Transcript: ENDOCRINE SYSTEM The principle glands are: 1. Pituitary gland - Secretes growth hormones, progesterone, estrogen, thyroxin, testosterone and adrenaline. 2. Adrenal glands - Seperated into two parts: the cortex and the medulla. The cortex produces three types of hormones: gluococorticoids to help the body to cope with stressful situations; mineralcorticoids which react similarity to the glucococorticoids but also affect sodium and water balances within the body and androgens, male sex hormones, which are only produced in small amounts. The medulla produces adrenalin - epinephrine and noredrenalin - norepinephrine which help the body in fight or flight response. 3. Islets Of Langerhans in the Pancreas - Irregular clusters of endocrine cells scattered throughout the tissue of the pancreas that secrete insulin and glucagon. Also called islands of Langerhans. 4. Thyroid - A large ductless gland in the neck that secretes hormones regulating growth (Thyroxine) and development through the rate of metabolism; it takes the inorganic iodine, derived from food, present in the blood. Stores thyroxine and thyroglobulin. Releases thyroxine when stimulated to do so by the thyroid stimulating hormone (TSH) secreted by the adenohypophysis (Pituitary gland). 5. Parathyroid - A gland next to the thyroid that secretes a hormone (parathyroid hormone) that regulates calcium levels in a person's body. 6. Thymus - The thymus is composed of two identical lobes and is located anatomically in front of the heart and behind the sternum. A specialized organ of the immune system, the only known function of the thymus is the production and "education" of T-lymphocytes (T cells), critical cells of the adaptive immune system. 7. Ovaries - Two organs in the female reproductive system that produce ova and secrete estrogen and progesterone 8. Testicles - Two oval organs that produce sproduce spermatozoa and secrete androgens, enclosed in the scrotum behind the penis. 9. Hypothalamus - Controls the rate of secrestions in these target glands through cells sensitive enough to sense hormone changes in the blood. When sensing a lack of hormones, it releases substances to enhance hormone secretion (Negative feedback mechanism). 10. Intestinal tract glands - Secrete gastrin, secretin and cholecystokinin; are endocrine glands because of their secretions passing directly into the circulatory system. 11. Kidney - Peptide angiotensin is found in the blood stream and is effective in causing high blood pressure and it's presence is primarily the result of kidney activity. This hormone is an enzyme from the kidney (renin) and is resposible for initiating chemical changes in a protein in the blood stream causing enventual production of the hormone.The red blood cell formation is influenced by a hormonal agent, erythropoietin with the kidney being involved again. Section nine. ENDOCRINE GLANDS HOMEOSTASIS Glucineogenesis (abbreviated GNG) is a metabolic pathway that results in the generation of glucose from non-carbohydrate carbon substrates such as lactate, glycerol, and glucogenic amino acids. It is the formation of glucose from protein within the liver. Glycogenolysis (also known as "Glycogenlysis") is the conversion of glycogen polymers to glucose monomers. It's the metabolic process in which glycogen is broken down. Homeostasis is the maintaining of a constant internal body temperature by changing the physiological activities of cells. A hormone may stimulate changes in the cells of an organ or groups of organs, called target organs; a hormone may also directly affect the activity of all cells in the body. Type 1 diabetes - Occurs when the pancreas is unable to produce insulin, which is a hormone that ensures body energy needs are met. This form of diabetes is most commonly diagnosed in children and adolescents, but can occur in adults as well. Type 2 diabetes - A condition in which the body either makes too little insulin or cannot properly use the insulin it makes to convert blood glucose to energy. Type 2 diabetes may be controlled with diet, exercise, and weight loss, or may require oral medications and/or insulin injections. Hypoglycemia is when the insulin level is too high, causing a lack of glucose in the blood while Hyperglycemia is when there is a lack of insulin in the body, causing a higher level of glucose in the blood. Diabetic ketoacidosis (DKA) is a life-threatening illness with diabetes mellitus. DKA is caused by the a lack of insulin. Whenever the body feels that there isn't enough insulin, it begins to burn stored fat in order to compensate; however, this creates ketoacidosis. The most common cause of this disease is non-compliance with insulin therapy. The symptoms of DKA are ketone bodies present in the blood with a high blood glucose level. It is common to see a patient that is excessively thirsty and with a ‘fruity’ odor on the patient’s breath. To treat DKA, it is important to supply the body with much needed insulin in order to
Transcript: Hormones secreted by the endocrine system glans regulate the body's growth, cell growth metabolism , and sexual development. The hormones can affect multiple organs. Stimulates the secretion of pituitary hormones Controls body temperature, hunger, thirst fatigue, and sleep. Growth Hormone: stimulates growth of bones and tissues Thyroid Stimulating Hormone: ensures the thyroid is creating enough hormones to stay in balance Adrenocorticotropin hormone:: Stimulates the adrenal gland and promotes steroid hormones Luteinizing hormone: controls production of sex hormones Metabolism is the rate at which food is converted into energy. Secretes parathyroid hormone controlling the of calcium in the bones and blood Adrenaline: provides you with quick energy used to respond to danger or stress. Testes: produce testosterone, responsible for sexual development, and make sperm. Ovaries: produce estrogen, progesterone as well as store eggs. Insulin: decreases the amount of glucose and other sugars in the blood to maintain a survivable blood-sugar level Glands of the Endocrine System Hypothalamus Pituitary Gland Thyroid Gland Parathyroid Glands Adrenal Glands Reproductive Glands (Gonads) Pancreas Hypothalamus Gland Pituitary Gland Hypothyroidism- under activity of metabloism Diabetes- when insulin doesn't regulate blood sugar levels, allowing the amount of sugar in the blood to run high. The Endocrine System Thyroid Cancer- cancerous tumors, usually benign, but can cause major imbalance of hormones. Endocrine System Disorders Type II Diabetes- blood cells resist the effects of insulin, rendering it useless. It occurs in two forms: Hypoglycemia- low blood sugar caused by too much insulin Hyperglycemia- too much sugar in blood from too few insulin, or insulin being ineffective Located in the lower part of the neck below the voice box, it monitors the body's metabolism and growth rate. Two glands on top of the kidneys that produce adrenaline, the fight or flight hormone, for use in emergencies The body system that regulates most body functions. It does this through the use of ductless glands that secrete hormones into the blood stream Reproductive Glands Hyperactive Gland- causes the bones to weaken and causes the production of kidney stones due to build u of calcium Hypoactive Gland- Decreases the amount of calcium in the blood and increases phosphorus levels, resulting in convulsions. In males the sexual reproductive glands are the testes, in women it is the ovaries, both equally responsible for procreation. Pancreas Problems Hypoglycemia- signaled by lack of concentration, drowsiness, headache and blurred vision. Treatable by consuming anything high in sugar like soda or pixie sticks. Pancreas Thyroid Gland Problems Hyperthyroidism- over activity of the body's metabolism Thyroid Gland Diabetes First Aid Controls the levels of minerals, calcium and phosphorus, that are in the blood. Located on the back of the thyroid gland. The Endocrine System is made up of a number of different glands. These include: The Endocrine System Purpose Referred to as the "master gland" it controls all the other glands in the body by secreting hormones vital for healthy living. Th Pituitary Gland is responsible for: Parathyroid Gland The largest Gland in the body, it makes hormones which help you digest food and it produces insulin. By Jason Bradley Hyperglycemia- signaled by fruity odor, vomiting, thirst, lack of conscience. Treatable with exercise and eating food. Found in the central part of the brain, its main purpose is to regulate the pituitary gland. There are three types of problems the endocrine system may face: 1) Hypoactive Gland- too little hormones produced 2)Hyperactive Gland - too much hormones produced 3) Cancer- tumors on endocrine glands affecting their ability to secrete hormones Goiters- an enlargement of the thyroid gland, often a precursor to more serious problems The Endocrine System is dependent on a balance of hormones. If one or more glands do not keep the hormonal balance it can lead to severe problems. Type I Diabetes- Caused by an insulin deficiency when the body does not produce insulin, results in extremely high blood sugar levels Adrenal Glands Parathyroid Gland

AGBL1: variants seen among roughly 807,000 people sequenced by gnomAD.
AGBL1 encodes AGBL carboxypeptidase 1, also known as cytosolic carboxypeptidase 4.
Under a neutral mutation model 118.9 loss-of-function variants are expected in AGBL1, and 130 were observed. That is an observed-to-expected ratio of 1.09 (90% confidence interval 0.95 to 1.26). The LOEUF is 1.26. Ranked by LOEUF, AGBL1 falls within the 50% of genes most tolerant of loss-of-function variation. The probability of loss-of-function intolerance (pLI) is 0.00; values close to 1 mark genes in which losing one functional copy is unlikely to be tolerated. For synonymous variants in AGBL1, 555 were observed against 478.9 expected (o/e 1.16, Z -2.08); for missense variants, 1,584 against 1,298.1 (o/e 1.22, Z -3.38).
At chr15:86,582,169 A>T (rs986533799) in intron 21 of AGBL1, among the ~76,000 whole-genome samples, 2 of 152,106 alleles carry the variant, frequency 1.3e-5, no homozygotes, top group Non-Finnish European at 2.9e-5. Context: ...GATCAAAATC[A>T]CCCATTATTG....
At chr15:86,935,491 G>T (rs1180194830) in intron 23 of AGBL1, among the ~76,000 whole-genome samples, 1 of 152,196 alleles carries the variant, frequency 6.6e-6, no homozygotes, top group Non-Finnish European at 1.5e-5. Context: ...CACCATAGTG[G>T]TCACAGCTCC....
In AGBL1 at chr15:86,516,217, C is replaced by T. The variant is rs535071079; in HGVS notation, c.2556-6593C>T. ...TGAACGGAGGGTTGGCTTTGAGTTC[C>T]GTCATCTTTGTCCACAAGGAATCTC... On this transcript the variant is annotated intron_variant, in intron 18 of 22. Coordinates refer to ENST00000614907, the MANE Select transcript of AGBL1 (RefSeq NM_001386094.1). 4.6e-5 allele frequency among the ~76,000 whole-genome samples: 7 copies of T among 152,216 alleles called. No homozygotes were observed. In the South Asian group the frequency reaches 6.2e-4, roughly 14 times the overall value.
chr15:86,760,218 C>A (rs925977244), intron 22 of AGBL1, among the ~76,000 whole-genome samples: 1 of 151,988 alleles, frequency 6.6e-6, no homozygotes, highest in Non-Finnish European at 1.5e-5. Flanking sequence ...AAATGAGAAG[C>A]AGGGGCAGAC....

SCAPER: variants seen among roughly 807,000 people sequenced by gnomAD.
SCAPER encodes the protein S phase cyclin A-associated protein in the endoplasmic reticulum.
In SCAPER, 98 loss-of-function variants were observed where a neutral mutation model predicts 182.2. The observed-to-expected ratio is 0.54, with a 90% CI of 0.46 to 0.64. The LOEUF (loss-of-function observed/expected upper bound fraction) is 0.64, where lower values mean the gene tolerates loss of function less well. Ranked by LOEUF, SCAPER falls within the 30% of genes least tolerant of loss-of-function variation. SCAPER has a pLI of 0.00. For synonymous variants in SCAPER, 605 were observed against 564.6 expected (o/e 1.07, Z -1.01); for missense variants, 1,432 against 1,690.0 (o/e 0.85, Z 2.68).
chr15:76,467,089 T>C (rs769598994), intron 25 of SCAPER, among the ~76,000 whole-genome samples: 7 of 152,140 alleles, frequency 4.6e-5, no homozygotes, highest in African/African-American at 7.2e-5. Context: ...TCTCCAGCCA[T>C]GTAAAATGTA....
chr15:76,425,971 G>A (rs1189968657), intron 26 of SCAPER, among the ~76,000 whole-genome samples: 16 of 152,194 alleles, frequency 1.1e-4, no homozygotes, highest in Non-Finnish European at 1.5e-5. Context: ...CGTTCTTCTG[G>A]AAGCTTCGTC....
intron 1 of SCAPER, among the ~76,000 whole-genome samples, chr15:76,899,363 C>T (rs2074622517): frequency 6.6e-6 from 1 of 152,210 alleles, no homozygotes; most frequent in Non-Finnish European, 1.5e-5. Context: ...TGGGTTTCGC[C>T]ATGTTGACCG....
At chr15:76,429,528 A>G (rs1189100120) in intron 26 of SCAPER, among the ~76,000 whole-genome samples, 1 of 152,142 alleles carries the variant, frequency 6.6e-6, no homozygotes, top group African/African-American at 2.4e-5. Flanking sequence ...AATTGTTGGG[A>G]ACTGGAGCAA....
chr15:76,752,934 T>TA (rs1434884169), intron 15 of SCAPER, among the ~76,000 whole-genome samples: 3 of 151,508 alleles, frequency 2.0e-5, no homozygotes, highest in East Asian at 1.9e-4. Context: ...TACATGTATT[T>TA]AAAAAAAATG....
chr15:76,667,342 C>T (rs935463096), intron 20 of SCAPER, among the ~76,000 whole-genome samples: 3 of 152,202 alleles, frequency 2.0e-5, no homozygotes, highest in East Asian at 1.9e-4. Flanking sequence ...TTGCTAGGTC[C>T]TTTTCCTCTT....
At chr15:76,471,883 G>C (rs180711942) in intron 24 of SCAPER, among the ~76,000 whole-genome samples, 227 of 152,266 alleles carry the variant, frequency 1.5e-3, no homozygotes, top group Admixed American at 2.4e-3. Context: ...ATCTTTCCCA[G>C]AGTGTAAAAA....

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Transcript: About The endocrine system is a ductless system that secertes a hormone that regulates body functions. http://www.encognitive.com/node/1129 long, tapered gland which lies across and behind the stomach secretes digestive juices which break down fats, carbohydrates, proteins and acids secretes bicarbonate, which neutralizes stomach acid as it enters the duodenum secrete hormones which regulate the level of glucose in the blood cells of pancreas secrete hormones like insulin into the blood Adrenal Glands smaller, inner region is part of the sympathic nervous system and is the body's first line of defense and response to physical and emotional stresses inner, reddish brown layer makes two types of hormones and takes all its instructions from the nervous system, producing chemicals which react to fear and anger and are sometimes called "fight or flight" hormones. Pituitary Gland Thyroid and Parathyroid Glands Ovaries forms part of the immune system in upper part of chest behind breast bone made of 2 lobes enlarges until puberty and then begins to shrink made of lymphoid tissue amount of these hormones produced by the body can vary from month to month and year to year depending on many factors including stress, nutrition and exercise if estrogen becomes dominant over progesterone, cramping, bloating, depression, irritability, migraine headaches, insomnia, epilepsy, miscarriages, infertility, hypoglycemia, chronic fatigue syndrome, heart palpitations and other cardiovascular disorders may occur. food supply may carry extra estrogen like in meat with animal growth hormones, causing girls to be physically and sexually developed at younger ages Pancreatic cancer has the worst prognosis of all the types of cancer. This is probably because of the spongy, vascular nature of this organ and its vital endocrine and exocrine functions. Pancreatic surgery is a problem because of the soft, spongy, tissue it consists of that make it extremely difficult to suture. outer region secretes hormones which have important effects on the way in which energy is stored and food is used, on chemicals in the blood, and on characteristics such as hairiness and body shape cortex, or outer, yellow layer, takes its instructions from the pituitary hormone ACTH. The hormones secreted here are called "steroids" main types: those which control the balance of sodium and potassium in the body; those which raise the level of sugar in the blood; and sex hormones Pituitary Gland Thyroid and Parathyroid Glands almond shaped glands that lie on either side of the uterus and below opening of fallopian tubes produce eggs and sex hormones called estrogen and progesterone Thymus Gland Functions the hypothalamus is a way station between the body and the brain and sorts out messages going to and from the brain replies by nerve impulses and sometimes with needed hormones pituitary gland then makes the needed hormones these are then circulated in the blood to a variety of the body's tissues, including other endocrines, such as the adrenal gland more hormones just like the ones the pituitary glands are made and sent throughout body the parathyroid glands are four small oval bodies located on either side of and on the dorsal aspect of the thyroid gland they control the level of calcium in the blood not enough calcium will cause twitching, spasms, convulsions and even death too much calcium may cause a weakening of muscle tone and kidney stones Pancreas Functions transform lymphocytes (white blood cells developed in the bone marrow) into T-cells (cells developed in the thymus these cells are transported to various lymph glands to aid in fight against disease and infection swelling of the lymph glands and fever indicate the fighting of invaders Functions secrete hormones directly into the bloodstream divided into two distinct organs one to two inches in length and weigh only a fraction of an ounce secretes more than 3 dozen hormones sits on top of kidneys listen to pituitary glands controls the rate at which the body produces energy from nutrients If the body does not get enough iodine, the thyroid gland cannot produce a proper amount of hormones for this conversion process which leads to a goiter, enlargement of the thyroid the thyroid secretes hormones which regulate energy, and emotional balance may rely upon its normal functioning when the rate of production is excessive, the results can be weight loss, nervousness, or even emotional disturbances when the rate of production is excessively low, a slowing of bodily functions may result Insulin regulates the use of glucose into all the body tissues except the brain. If the pancreas fails to produce insulin or secretes it in low quantities, the result is a serious disease called diabetes mellitus. If the ducts leading from the pancreas are blocked in some way, the digestive fluids build up in the pancreas and may then become activated so that they digest the pancreas itself! This condition is known as acute